The Biggest Philanthropist You’ve Never Heard Of
Adrienne Arsht learned to give while growing up in Wilmington. She may call a triumvirate of large Eastern cities her home now—if the relentless traveler can be said to have a home at all—but she can never leave Delaware behind.
(page 3 of 6)
“I’d say my parents left a standard, and I try to measure my behavior against that standard at all times,” says Arsht. “The two characters my mother most related to were Joan of Arc, who died for a cause, and Don Quixote, who was always tilting at windmills.
“Sometimes you just take on something because it’s something you believe in, and you think it’s real. Maybe it’s not, but you did it because you believed in it.”
Arsht is funny and sharp and self-deprecating.
“She’s so unassuming and unpretentious. For someone who has that kind of wealth, she’s one of the least pretentious people I’ve met,” says U.S. Senator Tom Carper, for whom she held several fundraising dinners in her Florida home. “She’s a great person, a lot of fun to be with.”
But her special skill, mentioned repeatedly by everyone from Justice O’Connor to Carper to Christine Cannon, who runs the Arsht-Cannon Fund, is Arsht’s willingness to connect her connections.
When she says she’s going to do something, she does it. Immediately. It could be something small, like putting one of her favorite jewelry designers in touch with a Washington Post editor she met at a recent lunch for the new White House social secretary. Or it could be the kind of gesture that changes someone’s life.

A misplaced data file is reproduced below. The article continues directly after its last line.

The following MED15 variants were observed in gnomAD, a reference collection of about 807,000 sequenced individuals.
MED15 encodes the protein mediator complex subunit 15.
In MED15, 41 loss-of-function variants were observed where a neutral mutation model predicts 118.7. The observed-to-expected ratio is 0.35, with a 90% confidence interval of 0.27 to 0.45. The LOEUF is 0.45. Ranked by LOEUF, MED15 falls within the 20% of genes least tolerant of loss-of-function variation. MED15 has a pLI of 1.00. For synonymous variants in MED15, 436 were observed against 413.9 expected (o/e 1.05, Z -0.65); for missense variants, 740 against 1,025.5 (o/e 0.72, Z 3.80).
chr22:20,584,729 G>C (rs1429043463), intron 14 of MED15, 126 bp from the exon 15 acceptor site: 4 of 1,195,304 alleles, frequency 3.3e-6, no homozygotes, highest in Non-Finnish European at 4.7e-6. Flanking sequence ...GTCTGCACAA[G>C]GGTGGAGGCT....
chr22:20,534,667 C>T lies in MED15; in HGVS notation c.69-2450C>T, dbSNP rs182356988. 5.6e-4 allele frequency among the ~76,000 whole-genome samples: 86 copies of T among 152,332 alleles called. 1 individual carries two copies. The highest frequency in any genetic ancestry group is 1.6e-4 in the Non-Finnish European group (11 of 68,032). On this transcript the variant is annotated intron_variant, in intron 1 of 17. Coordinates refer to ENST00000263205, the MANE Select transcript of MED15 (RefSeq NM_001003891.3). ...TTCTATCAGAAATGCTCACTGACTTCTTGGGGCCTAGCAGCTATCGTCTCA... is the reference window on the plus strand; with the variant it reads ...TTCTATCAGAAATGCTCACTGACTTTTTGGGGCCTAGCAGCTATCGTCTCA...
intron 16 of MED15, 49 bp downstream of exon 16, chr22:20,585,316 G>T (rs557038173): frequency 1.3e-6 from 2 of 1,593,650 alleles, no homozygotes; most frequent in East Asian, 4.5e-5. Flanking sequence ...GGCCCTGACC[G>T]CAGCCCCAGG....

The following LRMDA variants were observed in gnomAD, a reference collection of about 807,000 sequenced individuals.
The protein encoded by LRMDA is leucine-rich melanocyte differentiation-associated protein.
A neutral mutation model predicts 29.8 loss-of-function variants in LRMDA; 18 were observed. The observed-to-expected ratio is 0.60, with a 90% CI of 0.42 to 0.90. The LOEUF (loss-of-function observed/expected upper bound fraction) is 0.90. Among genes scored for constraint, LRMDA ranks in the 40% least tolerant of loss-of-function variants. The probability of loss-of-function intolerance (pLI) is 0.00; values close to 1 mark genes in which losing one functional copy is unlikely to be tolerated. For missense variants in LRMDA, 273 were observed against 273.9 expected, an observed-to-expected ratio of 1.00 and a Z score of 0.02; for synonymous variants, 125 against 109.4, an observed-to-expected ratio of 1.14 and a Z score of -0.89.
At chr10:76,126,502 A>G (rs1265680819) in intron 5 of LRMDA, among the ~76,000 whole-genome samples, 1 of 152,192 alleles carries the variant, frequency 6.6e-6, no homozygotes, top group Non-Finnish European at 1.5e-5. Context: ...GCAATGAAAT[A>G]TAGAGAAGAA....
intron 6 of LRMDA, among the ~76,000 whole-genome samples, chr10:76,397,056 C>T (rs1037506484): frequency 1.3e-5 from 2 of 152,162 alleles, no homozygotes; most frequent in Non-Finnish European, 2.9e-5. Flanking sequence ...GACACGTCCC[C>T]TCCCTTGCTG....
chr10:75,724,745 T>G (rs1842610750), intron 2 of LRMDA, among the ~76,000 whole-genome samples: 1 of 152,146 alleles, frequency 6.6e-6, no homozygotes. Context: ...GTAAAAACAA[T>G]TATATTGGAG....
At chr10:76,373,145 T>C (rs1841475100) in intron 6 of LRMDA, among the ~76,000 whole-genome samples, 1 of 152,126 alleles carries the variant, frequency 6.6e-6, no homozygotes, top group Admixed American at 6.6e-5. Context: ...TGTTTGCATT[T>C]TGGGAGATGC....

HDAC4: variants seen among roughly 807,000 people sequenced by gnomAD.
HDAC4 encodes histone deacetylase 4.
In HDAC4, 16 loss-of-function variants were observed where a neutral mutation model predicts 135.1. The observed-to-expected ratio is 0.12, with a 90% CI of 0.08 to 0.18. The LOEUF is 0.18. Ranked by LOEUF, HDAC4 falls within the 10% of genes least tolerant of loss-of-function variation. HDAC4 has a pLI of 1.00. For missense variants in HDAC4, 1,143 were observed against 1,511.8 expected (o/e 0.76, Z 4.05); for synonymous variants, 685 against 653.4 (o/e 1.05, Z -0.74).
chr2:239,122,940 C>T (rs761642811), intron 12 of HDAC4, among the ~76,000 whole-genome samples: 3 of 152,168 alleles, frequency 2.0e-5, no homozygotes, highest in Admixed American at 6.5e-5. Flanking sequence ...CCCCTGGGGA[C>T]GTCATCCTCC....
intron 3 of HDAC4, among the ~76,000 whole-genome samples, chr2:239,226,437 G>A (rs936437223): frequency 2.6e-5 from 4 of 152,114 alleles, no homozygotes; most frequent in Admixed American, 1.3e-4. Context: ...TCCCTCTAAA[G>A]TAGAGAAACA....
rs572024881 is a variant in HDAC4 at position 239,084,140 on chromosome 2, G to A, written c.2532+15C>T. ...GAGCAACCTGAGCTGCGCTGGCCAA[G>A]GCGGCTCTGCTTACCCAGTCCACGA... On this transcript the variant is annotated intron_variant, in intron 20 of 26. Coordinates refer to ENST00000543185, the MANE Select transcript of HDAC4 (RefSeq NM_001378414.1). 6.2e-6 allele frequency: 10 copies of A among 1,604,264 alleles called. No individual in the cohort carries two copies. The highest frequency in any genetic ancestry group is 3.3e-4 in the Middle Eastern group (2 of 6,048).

Arsht met Grace Gary randomly. Gary gave a talk in Miami about the Nemours Mansion and Gardens, where she is executive director. Arsht happened to go. The two started talking, Arsht invited Gary to see the William Jennings Bryan house, which Arsht had just finished renovating.
Gary started talking about her brother, who is mentally challenged, and some of the obstacles she faced finding programs for him. Arsht put Gary in touch with Cannon, the Delaware fund director, to talk about the issue. Three hundred thousand dollars later, the BrightStart! program was developed to help children with reading disabilities.
“I carefully avoid calling it networking, because that’s such a self-serving term,” says Gary. “She had nothing to gain by helping me. I think Adrienne thinks in terms of connections and in terms of service, and she’s an extremely energetic person who makes the time to do the things that she wants—and that seems to involve helping people a great deal.”
Arsht is very aware that she has an ability to help people in a way that most cannot. She started working at her father’s company in 1966, where she was the only woman in the law firm.
Page 4: The Biggest Philanthropist You’ve Never Heard Of, continues...